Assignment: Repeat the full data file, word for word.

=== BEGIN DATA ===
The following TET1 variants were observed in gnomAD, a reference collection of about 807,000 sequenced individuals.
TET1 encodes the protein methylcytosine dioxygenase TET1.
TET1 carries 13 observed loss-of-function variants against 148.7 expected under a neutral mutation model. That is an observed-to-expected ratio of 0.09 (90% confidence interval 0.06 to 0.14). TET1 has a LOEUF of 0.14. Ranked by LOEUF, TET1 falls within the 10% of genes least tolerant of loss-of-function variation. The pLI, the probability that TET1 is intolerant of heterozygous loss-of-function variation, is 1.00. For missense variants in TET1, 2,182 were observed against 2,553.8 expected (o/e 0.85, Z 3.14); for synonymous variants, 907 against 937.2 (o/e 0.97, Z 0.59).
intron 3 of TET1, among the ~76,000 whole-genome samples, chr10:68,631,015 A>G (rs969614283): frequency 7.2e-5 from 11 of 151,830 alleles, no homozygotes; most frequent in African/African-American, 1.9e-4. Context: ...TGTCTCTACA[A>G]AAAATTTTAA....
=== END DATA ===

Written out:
The following TET1 variants were observed in gnomAD, a reference collection of about 807,000 sequenced individuals.
TET1 encodes the protein methylcytosine dioxygenase TET1.
TET1 carries 13 observed loss-of-function variants against 148.7 expected under a neutral mutation model. That is an observed-to-expected ratio of 0.09 (90% confidence interval 0.06 to 0.14). TET1 has a LOEUF of 0.14. Ranked by LOEUF, TET1 falls within the 10% of genes least tolerant of loss-of-function variation. The pLI, the probability that TET1 is intolerant of heterozygous loss-of-function variation, is 1.00. For missense variants in TET1, 2,182 were observed against 2,553.8 expected (o/e 0.85, Z 3.14); for synonymous variants, 907 against 937.2 (o/e 0.97, Z 0.59).
intron 3 of TET1, among the ~76,000 whole-genome samples, chr10:68,631,015 A>G (rs969614283): frequency 7.2e-5 from 11 of 151,830 alleles, no homozygotes; most frequent in African/African-American, 1.9e-4. Context: ...TGTCTCTACA[A>G]AAAATTTTAA....